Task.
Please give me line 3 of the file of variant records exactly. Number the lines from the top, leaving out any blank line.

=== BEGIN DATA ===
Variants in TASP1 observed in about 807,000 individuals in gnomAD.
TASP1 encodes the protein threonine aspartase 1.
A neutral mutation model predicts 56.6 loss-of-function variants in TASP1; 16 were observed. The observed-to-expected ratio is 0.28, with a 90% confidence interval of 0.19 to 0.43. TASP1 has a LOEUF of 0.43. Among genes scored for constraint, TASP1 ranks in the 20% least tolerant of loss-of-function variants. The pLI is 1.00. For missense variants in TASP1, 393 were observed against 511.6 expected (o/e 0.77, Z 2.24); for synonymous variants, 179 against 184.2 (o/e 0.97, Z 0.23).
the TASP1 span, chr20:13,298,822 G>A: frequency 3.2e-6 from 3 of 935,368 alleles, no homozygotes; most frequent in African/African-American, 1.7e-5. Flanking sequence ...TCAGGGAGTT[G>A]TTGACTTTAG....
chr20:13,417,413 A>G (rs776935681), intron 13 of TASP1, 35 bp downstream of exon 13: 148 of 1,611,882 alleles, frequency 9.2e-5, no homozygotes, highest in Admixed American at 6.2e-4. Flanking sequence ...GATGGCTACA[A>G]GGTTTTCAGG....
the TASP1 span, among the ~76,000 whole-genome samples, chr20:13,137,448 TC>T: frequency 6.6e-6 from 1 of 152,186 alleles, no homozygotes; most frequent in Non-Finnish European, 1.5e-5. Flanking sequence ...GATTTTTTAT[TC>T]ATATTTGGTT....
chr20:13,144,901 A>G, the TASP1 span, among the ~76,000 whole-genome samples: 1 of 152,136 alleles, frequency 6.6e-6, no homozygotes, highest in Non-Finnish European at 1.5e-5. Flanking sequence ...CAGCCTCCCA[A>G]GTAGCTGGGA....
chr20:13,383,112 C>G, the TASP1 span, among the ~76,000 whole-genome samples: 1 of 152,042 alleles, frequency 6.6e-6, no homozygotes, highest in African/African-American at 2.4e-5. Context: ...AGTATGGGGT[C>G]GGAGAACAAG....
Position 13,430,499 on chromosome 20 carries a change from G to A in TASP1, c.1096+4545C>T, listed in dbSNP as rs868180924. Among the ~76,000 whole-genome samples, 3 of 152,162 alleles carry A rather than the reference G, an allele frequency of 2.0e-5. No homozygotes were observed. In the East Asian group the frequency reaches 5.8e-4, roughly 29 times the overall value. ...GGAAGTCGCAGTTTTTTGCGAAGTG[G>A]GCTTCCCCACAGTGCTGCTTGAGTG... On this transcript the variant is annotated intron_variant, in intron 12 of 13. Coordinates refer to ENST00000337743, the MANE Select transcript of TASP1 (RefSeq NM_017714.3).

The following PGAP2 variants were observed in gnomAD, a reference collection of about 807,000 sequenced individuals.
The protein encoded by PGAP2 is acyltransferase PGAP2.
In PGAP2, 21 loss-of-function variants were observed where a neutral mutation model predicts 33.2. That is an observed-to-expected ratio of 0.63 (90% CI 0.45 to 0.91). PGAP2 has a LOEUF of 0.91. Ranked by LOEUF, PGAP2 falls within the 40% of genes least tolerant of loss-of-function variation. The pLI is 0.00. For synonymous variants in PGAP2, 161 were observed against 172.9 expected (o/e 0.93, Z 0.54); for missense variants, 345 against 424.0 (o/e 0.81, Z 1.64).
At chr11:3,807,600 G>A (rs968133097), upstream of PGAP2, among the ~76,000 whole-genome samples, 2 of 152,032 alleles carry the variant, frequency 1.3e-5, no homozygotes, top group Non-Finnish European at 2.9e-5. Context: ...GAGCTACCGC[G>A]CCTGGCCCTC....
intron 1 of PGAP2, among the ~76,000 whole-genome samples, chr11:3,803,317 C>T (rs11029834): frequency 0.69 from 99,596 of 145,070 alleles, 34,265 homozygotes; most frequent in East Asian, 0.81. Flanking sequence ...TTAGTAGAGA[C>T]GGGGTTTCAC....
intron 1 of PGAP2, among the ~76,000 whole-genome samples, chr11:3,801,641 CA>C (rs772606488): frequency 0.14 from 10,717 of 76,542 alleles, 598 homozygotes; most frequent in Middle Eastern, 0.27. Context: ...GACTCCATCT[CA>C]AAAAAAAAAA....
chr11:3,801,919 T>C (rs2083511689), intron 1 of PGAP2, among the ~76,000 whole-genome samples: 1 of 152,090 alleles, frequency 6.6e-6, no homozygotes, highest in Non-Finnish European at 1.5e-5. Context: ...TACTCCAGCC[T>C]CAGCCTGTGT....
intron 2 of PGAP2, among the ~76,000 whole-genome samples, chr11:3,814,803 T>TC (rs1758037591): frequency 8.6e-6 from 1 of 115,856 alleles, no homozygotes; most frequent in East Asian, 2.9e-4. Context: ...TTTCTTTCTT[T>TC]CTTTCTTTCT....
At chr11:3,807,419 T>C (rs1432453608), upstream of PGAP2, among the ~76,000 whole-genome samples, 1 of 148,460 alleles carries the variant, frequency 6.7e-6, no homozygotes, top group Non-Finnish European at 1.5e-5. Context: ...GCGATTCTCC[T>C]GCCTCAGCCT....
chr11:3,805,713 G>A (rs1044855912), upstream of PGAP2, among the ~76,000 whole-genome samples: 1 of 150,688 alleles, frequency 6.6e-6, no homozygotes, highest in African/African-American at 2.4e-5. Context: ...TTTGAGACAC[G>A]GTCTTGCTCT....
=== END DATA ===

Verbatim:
A neutral mutation model predicts 56.6 loss-of-function variants in TASP1; 16 were observed. The observed-to-expected ratio is 0.28, with a 90% confidence interval of 0.19 to 0.43. TASP1 has a LOEUF of 0.43. Among genes scored for constraint, TASP1 ranks in the 20% least tolerant of loss-of-function variants. The pLI is 1.00. For missense variants in TASP1, 393 were observed against 511.6 expected (o/e 0.77, Z 2.24); for synonymous variants, 179 against 184.2 (o/e 0.97, Z 0.23).